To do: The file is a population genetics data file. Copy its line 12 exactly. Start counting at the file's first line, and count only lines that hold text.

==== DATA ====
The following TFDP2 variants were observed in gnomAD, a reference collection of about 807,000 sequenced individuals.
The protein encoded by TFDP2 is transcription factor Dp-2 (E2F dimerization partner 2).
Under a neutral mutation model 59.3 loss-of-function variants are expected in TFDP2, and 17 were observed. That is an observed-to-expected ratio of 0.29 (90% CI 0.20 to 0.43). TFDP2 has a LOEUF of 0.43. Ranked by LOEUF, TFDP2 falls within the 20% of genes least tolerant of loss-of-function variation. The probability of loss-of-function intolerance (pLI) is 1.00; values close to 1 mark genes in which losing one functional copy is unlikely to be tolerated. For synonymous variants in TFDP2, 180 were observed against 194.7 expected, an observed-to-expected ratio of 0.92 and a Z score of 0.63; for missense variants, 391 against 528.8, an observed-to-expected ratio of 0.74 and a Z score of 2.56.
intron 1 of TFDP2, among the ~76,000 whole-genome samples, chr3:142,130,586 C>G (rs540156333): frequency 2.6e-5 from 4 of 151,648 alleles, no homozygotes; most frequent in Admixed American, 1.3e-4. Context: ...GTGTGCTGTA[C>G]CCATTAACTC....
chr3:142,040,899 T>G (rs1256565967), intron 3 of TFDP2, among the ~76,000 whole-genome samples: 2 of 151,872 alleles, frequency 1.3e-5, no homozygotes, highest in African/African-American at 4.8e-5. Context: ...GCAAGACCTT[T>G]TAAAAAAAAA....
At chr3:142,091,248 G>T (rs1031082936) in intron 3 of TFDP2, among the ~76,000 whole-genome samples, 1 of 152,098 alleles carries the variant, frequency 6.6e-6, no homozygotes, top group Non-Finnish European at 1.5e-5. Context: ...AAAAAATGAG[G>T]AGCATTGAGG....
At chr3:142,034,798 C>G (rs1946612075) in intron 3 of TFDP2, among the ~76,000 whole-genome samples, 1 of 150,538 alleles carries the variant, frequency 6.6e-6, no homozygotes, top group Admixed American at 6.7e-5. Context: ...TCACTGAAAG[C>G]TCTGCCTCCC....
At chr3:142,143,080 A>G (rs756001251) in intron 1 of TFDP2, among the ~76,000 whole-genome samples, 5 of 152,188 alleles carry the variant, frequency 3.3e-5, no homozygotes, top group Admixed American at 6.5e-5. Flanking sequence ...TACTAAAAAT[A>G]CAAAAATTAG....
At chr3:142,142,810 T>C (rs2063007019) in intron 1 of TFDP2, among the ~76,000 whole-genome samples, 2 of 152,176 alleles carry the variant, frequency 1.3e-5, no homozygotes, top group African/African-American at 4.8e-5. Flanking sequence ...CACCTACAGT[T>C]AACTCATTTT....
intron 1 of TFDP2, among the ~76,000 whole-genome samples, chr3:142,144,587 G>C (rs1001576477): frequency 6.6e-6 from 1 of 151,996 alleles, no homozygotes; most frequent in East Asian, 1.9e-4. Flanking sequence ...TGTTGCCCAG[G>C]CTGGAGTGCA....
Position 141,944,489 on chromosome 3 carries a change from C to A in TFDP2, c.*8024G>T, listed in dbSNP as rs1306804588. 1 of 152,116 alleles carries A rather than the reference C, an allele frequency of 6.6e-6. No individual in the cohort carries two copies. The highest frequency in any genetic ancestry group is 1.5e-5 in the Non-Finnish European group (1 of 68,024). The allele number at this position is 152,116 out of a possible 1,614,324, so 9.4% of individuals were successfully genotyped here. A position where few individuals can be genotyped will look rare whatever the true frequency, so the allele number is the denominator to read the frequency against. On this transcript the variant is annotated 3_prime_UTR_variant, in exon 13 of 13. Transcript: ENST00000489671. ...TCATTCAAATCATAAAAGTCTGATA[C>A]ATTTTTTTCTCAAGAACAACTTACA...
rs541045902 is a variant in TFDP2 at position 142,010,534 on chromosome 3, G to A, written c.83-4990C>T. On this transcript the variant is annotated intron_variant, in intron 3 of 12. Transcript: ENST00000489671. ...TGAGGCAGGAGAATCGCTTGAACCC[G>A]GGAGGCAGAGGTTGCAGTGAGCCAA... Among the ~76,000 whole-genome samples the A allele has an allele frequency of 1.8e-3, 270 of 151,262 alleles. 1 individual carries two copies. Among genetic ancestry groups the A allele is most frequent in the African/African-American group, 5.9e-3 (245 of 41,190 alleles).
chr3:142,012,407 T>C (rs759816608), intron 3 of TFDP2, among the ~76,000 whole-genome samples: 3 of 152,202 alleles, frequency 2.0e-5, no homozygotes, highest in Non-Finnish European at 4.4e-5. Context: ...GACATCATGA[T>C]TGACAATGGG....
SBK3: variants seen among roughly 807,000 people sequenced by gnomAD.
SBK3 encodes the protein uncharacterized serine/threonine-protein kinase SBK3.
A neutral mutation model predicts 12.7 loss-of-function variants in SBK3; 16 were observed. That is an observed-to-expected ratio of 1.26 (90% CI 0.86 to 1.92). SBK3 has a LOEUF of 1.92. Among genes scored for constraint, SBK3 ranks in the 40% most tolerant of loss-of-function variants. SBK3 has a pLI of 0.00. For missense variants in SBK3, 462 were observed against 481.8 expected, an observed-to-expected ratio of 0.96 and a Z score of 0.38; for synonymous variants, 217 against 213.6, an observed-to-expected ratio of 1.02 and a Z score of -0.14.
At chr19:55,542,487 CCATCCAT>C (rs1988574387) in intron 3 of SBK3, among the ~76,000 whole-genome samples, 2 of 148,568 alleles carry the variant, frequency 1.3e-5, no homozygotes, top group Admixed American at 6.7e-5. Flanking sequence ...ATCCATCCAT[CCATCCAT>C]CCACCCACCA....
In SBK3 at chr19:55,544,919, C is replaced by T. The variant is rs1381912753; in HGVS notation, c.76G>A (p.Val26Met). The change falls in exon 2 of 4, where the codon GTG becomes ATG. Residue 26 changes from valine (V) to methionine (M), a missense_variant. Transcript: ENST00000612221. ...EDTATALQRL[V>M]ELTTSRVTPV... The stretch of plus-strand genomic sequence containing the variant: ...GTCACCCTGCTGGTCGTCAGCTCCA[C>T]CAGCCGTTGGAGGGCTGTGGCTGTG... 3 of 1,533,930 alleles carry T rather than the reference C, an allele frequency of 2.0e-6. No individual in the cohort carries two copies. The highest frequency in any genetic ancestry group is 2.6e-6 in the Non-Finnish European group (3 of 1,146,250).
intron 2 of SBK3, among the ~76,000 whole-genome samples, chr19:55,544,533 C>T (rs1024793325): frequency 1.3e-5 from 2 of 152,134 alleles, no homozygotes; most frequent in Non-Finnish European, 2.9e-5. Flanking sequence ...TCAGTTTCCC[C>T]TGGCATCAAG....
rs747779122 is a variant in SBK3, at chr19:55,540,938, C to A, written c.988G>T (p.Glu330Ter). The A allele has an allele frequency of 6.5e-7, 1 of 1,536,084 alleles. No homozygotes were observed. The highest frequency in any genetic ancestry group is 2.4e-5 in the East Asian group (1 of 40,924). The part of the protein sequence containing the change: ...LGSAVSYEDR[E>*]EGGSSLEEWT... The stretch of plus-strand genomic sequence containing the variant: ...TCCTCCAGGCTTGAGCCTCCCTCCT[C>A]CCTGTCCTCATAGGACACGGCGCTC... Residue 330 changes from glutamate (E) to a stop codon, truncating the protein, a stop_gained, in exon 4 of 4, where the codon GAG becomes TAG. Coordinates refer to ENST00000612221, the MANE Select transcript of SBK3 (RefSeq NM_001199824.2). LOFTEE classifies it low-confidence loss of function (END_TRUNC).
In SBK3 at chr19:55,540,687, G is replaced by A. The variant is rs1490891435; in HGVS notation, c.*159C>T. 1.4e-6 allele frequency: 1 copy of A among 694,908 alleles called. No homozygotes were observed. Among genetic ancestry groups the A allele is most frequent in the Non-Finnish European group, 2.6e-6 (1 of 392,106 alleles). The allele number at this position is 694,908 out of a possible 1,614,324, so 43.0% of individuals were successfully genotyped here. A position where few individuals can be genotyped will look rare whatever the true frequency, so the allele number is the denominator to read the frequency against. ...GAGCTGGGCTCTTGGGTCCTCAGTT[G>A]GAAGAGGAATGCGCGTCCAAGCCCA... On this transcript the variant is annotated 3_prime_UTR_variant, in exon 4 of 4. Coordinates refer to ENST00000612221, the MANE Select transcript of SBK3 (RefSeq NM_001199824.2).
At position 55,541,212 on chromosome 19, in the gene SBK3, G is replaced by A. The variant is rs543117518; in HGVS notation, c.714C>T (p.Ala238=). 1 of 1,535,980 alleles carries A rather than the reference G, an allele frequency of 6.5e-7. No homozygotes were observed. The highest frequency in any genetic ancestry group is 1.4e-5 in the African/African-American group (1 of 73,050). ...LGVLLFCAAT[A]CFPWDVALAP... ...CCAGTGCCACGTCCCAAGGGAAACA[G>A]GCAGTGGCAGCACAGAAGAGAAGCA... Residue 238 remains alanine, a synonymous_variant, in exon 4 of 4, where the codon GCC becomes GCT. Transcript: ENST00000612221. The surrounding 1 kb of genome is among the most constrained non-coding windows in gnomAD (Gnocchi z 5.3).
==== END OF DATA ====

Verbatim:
rs541045902 is a variant in TFDP2 at position 142,010,534 on chromosome 3, G to A, written c.83-4990C>T. On this transcript the variant is annotated intron_variant, in intron 3 of 12. Transcript: ENST00000489671. ...TGAGGCAGGAGAATCGCTTGAACCC[G>A]GGAGGCAGAGGTTGCAGTGAGCCAA... Among the ~76,000 whole-genome samples the A allele has an allele frequency of 1.8e-3, 270 of 151,262 alleles. 1 individual carries two copies. Among genetic ancestry groups the A allele is most frequent in the African/African-American group, 5.9e-3 (245 of 41,190 alleles).